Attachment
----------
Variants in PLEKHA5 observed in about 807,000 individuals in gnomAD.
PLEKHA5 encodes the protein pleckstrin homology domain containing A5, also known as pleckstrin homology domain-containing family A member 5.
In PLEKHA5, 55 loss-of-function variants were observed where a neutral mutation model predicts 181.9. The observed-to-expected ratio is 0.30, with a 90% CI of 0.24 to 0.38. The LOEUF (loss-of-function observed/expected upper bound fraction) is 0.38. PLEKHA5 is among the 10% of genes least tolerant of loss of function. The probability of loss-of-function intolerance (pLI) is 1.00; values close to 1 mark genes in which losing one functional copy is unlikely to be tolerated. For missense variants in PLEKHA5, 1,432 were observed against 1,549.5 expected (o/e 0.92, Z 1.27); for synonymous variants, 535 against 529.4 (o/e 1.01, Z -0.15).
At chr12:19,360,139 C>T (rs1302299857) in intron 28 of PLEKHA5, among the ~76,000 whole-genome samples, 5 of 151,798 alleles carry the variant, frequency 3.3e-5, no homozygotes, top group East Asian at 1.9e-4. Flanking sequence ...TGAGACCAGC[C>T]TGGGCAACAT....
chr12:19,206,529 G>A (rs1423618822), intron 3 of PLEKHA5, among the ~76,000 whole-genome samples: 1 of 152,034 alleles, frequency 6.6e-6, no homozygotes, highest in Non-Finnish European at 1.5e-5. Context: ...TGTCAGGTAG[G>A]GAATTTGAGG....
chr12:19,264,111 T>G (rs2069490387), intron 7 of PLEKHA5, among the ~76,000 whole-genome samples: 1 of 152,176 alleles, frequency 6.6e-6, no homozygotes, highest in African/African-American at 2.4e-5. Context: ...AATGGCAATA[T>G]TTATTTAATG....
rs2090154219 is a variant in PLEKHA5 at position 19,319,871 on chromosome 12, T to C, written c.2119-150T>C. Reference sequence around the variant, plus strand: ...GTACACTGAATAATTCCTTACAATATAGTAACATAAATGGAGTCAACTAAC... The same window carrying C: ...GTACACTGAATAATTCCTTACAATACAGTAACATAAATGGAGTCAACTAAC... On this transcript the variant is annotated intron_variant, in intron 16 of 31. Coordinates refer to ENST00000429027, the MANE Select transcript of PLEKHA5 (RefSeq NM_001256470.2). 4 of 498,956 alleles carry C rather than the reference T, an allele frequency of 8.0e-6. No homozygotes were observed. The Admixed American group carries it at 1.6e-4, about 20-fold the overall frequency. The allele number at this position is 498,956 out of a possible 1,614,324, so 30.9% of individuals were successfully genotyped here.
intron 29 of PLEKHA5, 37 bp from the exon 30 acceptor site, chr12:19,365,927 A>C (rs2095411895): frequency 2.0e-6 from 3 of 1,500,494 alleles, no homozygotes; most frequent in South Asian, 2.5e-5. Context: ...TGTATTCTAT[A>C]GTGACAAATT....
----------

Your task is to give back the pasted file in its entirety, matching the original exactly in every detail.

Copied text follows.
Variants in PLEKHA5 observed in about 807,000 individuals in gnomAD.
PLEKHA5 encodes the protein pleckstrin homology domain containing A5, also known as pleckstrin homology domain-containing family A member 5.
In PLEKHA5, 55 loss-of-function variants were observed where a neutral mutation model predicts 181.9. The observed-to-expected ratio is 0.30, with a 90% CI of 0.24 to 0.38. The LOEUF (loss-of-function observed/expected upper bound fraction) is 0.38. PLEKHA5 is among the 10% of genes least tolerant of loss of function. The probability of loss-of-function intolerance (pLI) is 1.00; values close to 1 mark genes in which losing one functional copy is unlikely to be tolerated. For missense variants in PLEKHA5, 1,432 were observed against 1,549.5 expected (o/e 0.92, Z 1.27); for synonymous variants, 535 against 529.4 (o/e 1.01, Z -0.15).
At chr12:19,360,139 C>T (rs1302299857) in intron 28 of PLEKHA5, among the ~76,000 whole-genome samples, 5 of 151,798 alleles carry the variant, frequency 3.3e-5, no homozygotes, top group East Asian at 1.9e-4. Flanking sequence ...TGAGACCAGC[C>T]TGGGCAACAT....
chr12:19,206,529 G>A (rs1423618822), intron 3 of PLEKHA5, among the ~76,000 whole-genome samples: 1 of 152,034 alleles, frequency 6.6e-6, no homozygotes, highest in Non-Finnish European at 1.5e-5. Context: ...TGTCAGGTAG[G>A]GAATTTGAGG....
chr12:19,264,111 T>G (rs2069490387), intron 7 of PLEKHA5, among the ~76,000 whole-genome samples: 1 of 152,176 alleles, frequency 6.6e-6, no homozygotes, highest in African/African-American at 2.4e-5. Context: ...AATGGCAATA[T>G]TTATTTAATG....
rs2090154219 is a variant in PLEKHA5 at position 19,319,871 on chromosome 12, T to C, written c.2119-150T>C. Reference sequence around the variant, plus strand: ...GTACACTGAATAATTCCTTACAATATAGTAACATAAATGGAGTCAACTAAC... The same window carrying C: ...GTACACTGAATAATTCCTTACAATACAGTAACATAAATGGAGTCAACTAAC... On this transcript the variant is annotated intron_variant, in intron 16 of 31. Coordinates refer to ENST00000429027, the MANE Select transcript of PLEKHA5 (RefSeq NM_001256470.2). 4 of 498,956 alleles carry C rather than the reference T, an allele frequency of 8.0e-6. No homozygotes were observed. The Admixed American group carries it at 1.6e-4, about 20-fold the overall frequency. The allele number at this position is 498,956 out of a possible 1,614,324, so 30.9% of individuals were successfully genotyped here.
intron 29 of PLEKHA5, 37 bp from the exon 30 acceptor site, chr12:19,365,927 A>C (rs2095411895): frequency 2.0e-6 from 3 of 1,500,494 alleles, no homozygotes; most frequent in South Asian, 2.5e-5. Context: ...TGTATTCTAT[A>C]GTGACAAATT....